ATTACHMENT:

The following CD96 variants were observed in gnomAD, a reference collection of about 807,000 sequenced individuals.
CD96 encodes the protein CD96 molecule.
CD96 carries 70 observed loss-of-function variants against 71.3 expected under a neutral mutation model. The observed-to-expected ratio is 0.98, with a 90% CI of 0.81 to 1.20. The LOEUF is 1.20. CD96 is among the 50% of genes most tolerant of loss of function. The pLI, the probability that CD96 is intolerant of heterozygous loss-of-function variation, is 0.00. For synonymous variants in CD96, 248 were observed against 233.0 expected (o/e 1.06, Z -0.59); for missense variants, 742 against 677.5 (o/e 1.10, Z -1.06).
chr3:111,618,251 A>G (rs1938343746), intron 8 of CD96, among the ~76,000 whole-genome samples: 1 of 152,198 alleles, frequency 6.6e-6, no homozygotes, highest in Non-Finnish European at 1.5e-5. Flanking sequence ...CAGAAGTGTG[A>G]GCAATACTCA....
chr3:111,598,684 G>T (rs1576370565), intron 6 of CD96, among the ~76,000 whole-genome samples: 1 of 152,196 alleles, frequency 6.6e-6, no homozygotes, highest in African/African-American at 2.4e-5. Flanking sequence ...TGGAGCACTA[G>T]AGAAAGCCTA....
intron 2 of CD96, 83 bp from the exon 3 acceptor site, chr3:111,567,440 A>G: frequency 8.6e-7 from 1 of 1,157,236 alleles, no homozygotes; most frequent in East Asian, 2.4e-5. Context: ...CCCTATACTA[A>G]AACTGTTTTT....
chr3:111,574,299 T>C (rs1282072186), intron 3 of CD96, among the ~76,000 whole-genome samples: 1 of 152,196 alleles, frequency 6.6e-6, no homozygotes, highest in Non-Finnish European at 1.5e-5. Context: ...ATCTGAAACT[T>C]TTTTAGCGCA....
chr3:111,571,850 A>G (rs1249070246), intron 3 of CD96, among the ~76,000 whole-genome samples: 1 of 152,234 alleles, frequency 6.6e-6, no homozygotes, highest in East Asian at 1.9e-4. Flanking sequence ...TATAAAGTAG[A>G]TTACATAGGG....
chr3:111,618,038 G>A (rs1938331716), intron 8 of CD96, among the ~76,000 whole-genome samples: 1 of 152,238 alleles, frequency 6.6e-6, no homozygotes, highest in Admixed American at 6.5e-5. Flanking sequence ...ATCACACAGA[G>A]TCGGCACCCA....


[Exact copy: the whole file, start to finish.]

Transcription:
The following CD96 variants were observed in gnomAD, a reference collection of about 807,000 sequenced individuals.
CD96 encodes the protein CD96 molecule.
CD96 carries 70 observed loss-of-function variants against 71.3 expected under a neutral mutation model. The observed-to-expected ratio is 0.98, with a 90% CI of 0.81 to 1.20. The LOEUF is 1.20. CD96 is among the 50% of genes most tolerant of loss of function. The pLI, the probability that CD96 is intolerant of heterozygous loss-of-function variation, is 0.00. For synonymous variants in CD96, 248 were observed against 233.0 expected (o/e 1.06, Z -0.59); for missense variants, 742 against 677.5 (o/e 1.10, Z -1.06).
chr3:111,618,251 A>G (rs1938343746), intron 8 of CD96, among the ~76,000 whole-genome samples: 1 of 152,198 alleles, frequency 6.6e-6, no homozygotes, highest in Non-Finnish European at 1.5e-5. Flanking sequence ...CAGAAGTGTG[A>G]GCAATACTCA....
chr3:111,598,684 G>T (rs1576370565), intron 6 of CD96, among the ~76,000 whole-genome samples: 1 of 152,196 alleles, frequency 6.6e-6, no homozygotes, highest in African/African-American at 2.4e-5. Flanking sequence ...TGGAGCACTA[G>T]AGAAAGCCTA....
intron 2 of CD96, 83 bp from the exon 3 acceptor site, chr3:111,567,440 A>G: frequency 8.6e-7 from 1 of 1,157,236 alleles, no homozygotes; most frequent in East Asian, 2.4e-5. Context: ...CCCTATACTA[A>G]AACTGTTTTT....
chr3:111,574,299 T>C (rs1282072186), intron 3 of CD96, among the ~76,000 whole-genome samples: 1 of 152,196 alleles, frequency 6.6e-6, no homozygotes, highest in Non-Finnish European at 1.5e-5. Context: ...ATCTGAAACT[T>C]TTTTAGCGCA....
chr3:111,571,850 A>G (rs1249070246), intron 3 of CD96, among the ~76,000 whole-genome samples: 1 of 152,234 alleles, frequency 6.6e-6, no homozygotes, highest in East Asian at 1.9e-4. Flanking sequence ...TATAAAGTAG[A>G]TTACATAGGG....
chr3:111,618,038 G>A (rs1938331716), intron 8 of CD96, among the ~76,000 whole-genome samples: 1 of 152,238 alleles, frequency 6.6e-6, no homozygotes, highest in Admixed American at 6.5e-5. Flanking sequence ...ATCACACAGA[G>A]TCGGCACCCA....